A quick plea/request before I start today: I’ve written here before about the Holy Apostles Soup Kitchen, the largest soup kitchen in New York City and the 2nd-busiest in America. They serve more than 1,000 meals a day, I’ve been volunteering there for a few years now, and they’re in the middle of their annual fundraiser. They get some money from grants and some food from donations, but it still costs a lot to run this place. I know I have the most compassionate and generous readers on the World Wide Web; if you would consider donating a few dollars to a great cause, I’d appreciate it. Here’s the link to our fundraising page.
Thanks. On with the show….
There are certain stories that newspapers write that don’t just affect their town, or their state, or even their country.
They affect the whole world. They change history and cause ripples that extend so far beyond what could ever have been dreamed of.
The Boston Globe’s epic investigation and series of stories on the church sex abuse scandal in 2001 and 2002 was one of those stories. Literally hundreds and hundreds of cities all over the world found out, after the Globe’s investigation, that their town, too, had priests who for decades preyed up on young boys and molested them.
The Globe’s stories were an astonishing piece of journalism, and the new movie “Spotlight” shows how it all happened. It was a fantastic film, and deserves all the kudos it’s been getting (“Spotlight” has a 98 percent “Fresh” rating on Rottentomatoes.com as I write this.)
First of all, as a journalist I’m generally really disappointed with how newspapers and reporters are portrayed on screen (don’t even get me started on Drew Barrymore as a copy editor in “Never Been Kissed,”), but “Spotlight” nailed all the details. They showed the painstaking pace of these investigations, and how big breaks sometimes just happen accidentally.
Second, the acting is superb. Michael Keaton is so much better here as a newspaper editor than he was in “The Paper.” Mark Ruffalo is outstanding as always. John Slattery, who will now always be Roger Sterling to me, was fabulous, as was Rachel McAdams and the rest of a fabulous cast.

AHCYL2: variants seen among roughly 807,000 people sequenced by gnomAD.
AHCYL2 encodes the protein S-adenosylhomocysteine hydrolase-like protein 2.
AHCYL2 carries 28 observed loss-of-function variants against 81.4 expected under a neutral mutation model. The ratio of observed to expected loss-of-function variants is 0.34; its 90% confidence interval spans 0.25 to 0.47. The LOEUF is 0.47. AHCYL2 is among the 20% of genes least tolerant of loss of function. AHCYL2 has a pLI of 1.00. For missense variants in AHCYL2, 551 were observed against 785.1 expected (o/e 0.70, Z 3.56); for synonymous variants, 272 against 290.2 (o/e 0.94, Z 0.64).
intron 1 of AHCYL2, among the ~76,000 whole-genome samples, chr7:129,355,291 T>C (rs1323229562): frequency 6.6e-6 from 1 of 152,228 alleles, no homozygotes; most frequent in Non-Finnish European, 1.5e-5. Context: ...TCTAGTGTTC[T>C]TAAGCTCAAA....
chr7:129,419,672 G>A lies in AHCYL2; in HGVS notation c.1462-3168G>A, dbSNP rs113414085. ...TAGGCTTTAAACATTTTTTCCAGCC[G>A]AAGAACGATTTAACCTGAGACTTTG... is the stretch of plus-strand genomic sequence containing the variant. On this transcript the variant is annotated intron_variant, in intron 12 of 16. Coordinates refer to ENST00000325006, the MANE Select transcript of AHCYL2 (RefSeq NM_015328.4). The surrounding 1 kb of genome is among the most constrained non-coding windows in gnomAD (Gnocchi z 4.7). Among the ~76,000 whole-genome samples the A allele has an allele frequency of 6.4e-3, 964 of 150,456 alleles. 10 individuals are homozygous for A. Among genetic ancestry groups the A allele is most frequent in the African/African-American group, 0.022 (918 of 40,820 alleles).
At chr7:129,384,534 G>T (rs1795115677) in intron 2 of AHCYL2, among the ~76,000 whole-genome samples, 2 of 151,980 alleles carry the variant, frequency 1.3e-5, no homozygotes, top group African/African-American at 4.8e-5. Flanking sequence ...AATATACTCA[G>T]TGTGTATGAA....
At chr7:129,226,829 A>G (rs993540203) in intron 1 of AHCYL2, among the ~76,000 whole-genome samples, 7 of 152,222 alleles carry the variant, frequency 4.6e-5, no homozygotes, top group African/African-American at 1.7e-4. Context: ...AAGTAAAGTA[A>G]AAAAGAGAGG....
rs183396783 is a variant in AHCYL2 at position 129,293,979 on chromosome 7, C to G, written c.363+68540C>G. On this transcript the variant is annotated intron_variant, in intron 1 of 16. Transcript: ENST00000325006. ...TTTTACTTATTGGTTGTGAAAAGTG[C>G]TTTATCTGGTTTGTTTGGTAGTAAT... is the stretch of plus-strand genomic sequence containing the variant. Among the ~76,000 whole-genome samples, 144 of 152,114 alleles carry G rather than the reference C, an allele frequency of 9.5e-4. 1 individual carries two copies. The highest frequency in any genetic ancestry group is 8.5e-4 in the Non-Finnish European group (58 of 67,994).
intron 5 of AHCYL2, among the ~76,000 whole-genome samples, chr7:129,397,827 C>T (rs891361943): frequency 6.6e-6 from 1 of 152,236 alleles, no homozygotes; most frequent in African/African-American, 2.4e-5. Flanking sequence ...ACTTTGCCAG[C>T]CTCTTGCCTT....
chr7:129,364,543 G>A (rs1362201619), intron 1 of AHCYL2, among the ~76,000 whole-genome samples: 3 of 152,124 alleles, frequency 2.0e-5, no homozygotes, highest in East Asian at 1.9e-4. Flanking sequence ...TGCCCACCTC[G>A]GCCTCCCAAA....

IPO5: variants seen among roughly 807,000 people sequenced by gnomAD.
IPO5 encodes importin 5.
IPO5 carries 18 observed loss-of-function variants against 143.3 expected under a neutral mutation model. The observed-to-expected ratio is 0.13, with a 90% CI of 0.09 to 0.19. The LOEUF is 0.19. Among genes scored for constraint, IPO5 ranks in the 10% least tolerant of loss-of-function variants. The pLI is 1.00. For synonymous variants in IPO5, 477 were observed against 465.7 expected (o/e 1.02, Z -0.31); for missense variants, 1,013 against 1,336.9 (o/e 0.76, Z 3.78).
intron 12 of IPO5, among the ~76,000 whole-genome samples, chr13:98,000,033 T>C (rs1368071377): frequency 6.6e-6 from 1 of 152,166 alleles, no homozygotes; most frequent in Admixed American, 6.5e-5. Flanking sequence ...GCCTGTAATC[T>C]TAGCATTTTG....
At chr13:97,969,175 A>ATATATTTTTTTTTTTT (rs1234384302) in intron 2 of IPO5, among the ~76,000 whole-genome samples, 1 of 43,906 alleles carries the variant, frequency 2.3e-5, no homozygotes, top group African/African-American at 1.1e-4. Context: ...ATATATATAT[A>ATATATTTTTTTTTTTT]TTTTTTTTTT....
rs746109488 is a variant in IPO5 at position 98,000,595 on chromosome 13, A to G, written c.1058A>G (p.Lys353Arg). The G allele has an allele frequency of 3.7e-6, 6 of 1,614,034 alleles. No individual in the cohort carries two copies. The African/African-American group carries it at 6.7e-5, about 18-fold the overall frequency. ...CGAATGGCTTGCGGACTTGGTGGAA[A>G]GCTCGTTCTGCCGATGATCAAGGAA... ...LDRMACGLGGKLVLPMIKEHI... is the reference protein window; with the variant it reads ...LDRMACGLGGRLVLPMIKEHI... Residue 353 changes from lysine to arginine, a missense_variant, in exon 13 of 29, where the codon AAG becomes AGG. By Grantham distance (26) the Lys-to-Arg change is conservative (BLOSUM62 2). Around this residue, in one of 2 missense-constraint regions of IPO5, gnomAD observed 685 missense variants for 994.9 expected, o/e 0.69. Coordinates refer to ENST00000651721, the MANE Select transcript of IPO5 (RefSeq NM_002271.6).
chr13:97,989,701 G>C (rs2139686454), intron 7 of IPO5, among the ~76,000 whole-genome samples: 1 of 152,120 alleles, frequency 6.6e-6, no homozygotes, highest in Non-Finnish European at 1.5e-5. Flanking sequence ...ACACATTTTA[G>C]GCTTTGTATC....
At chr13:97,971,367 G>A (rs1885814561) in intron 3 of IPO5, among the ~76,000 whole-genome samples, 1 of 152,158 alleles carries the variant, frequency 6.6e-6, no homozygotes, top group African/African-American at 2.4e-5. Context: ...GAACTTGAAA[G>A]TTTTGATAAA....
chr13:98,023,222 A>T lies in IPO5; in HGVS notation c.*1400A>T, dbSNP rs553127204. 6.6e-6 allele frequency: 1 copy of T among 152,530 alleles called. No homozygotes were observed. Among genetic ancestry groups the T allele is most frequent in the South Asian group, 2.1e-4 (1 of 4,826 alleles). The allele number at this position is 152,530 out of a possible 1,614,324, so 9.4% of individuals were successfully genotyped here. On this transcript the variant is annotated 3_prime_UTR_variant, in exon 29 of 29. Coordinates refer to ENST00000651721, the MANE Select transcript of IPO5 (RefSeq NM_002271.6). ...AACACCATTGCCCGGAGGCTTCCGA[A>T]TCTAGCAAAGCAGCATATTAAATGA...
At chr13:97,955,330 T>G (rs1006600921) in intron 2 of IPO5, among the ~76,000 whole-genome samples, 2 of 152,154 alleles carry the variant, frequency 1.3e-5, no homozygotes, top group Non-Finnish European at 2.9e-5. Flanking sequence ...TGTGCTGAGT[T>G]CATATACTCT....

And third, the script tells you everything you need to know about how dirty and depraved these priests were, but it never feels “sensationalized.” The slow unraveling of the story, with the Globe’s reporters first believing just three priests were involved, then 13, then 70, works beautifully as the audience gets shocked just as much as the characters.
“Spotlight” feels like a thriller, but never loses sight of what the reporters’ core mission is: To expose this scandal and give these victims their day to be heard.
It’s a fantastic, fantastic movie. I predict it’ll get a slew of Oscar nominations. Go see it.
**Next up, John Oliver hasn’t had a good angry rant in awhile, and sadly last week’s terrorist attack in Paris provided him with a chance for one.
This righteous and hilarious anger is a nice antidote to all the sadness. Warning: Language is definitely NSFW, so if you’re watching this on the job, use headphones.
**Finally today, college basketball season officially arrived this week, with the usually awesome Champions Classic on Tuesday night. It’s a fantastic “tip-off” event, with Duke, Kentucky, Michigan State and Kansas all playing each other every year in some combination.
Of course I has hugely psyched for Duke-Kentucky Tuesday night, because it’s Duke-Kentucky, and I hate John Calipari as much as you can hate someone who’s never actually done anything to your family, and I hate UK’s incredibly smug and obnoxious fans (yes I realize the irony of a Duke fan saying that).
But wow, that game was an “un-classic” if I ever saw one. My Blue Devils looked overmatched and lost, especially freshmen Brandon Ingram and Derryck Thornton. When Marshall Plumlee is your best offensive weapon the first 15 minutes, that’s not good (and I love MP3 and how hard he’s worked to become a decent player. But come on, he should never lead Duke in scoring at any point in a game).
Duke fans are spoiled, of course, seeing so many freshmen come in and play great right away. This year’s crop will be fine, but they looked scared and lost against a better, deeper, more experienced Wildcats team. Tyler Ulis is fantastic, this Jamal Murray kid is going to be a star, and Kentucky simply got whatever it wanted on offense. The margin could’ve been bigger but UK got sloppy and looked vulnerable at times, too.
It’s November, so I’m far from worried about Duke. K will have them ready by March. Just disappointing how sloppy the game was.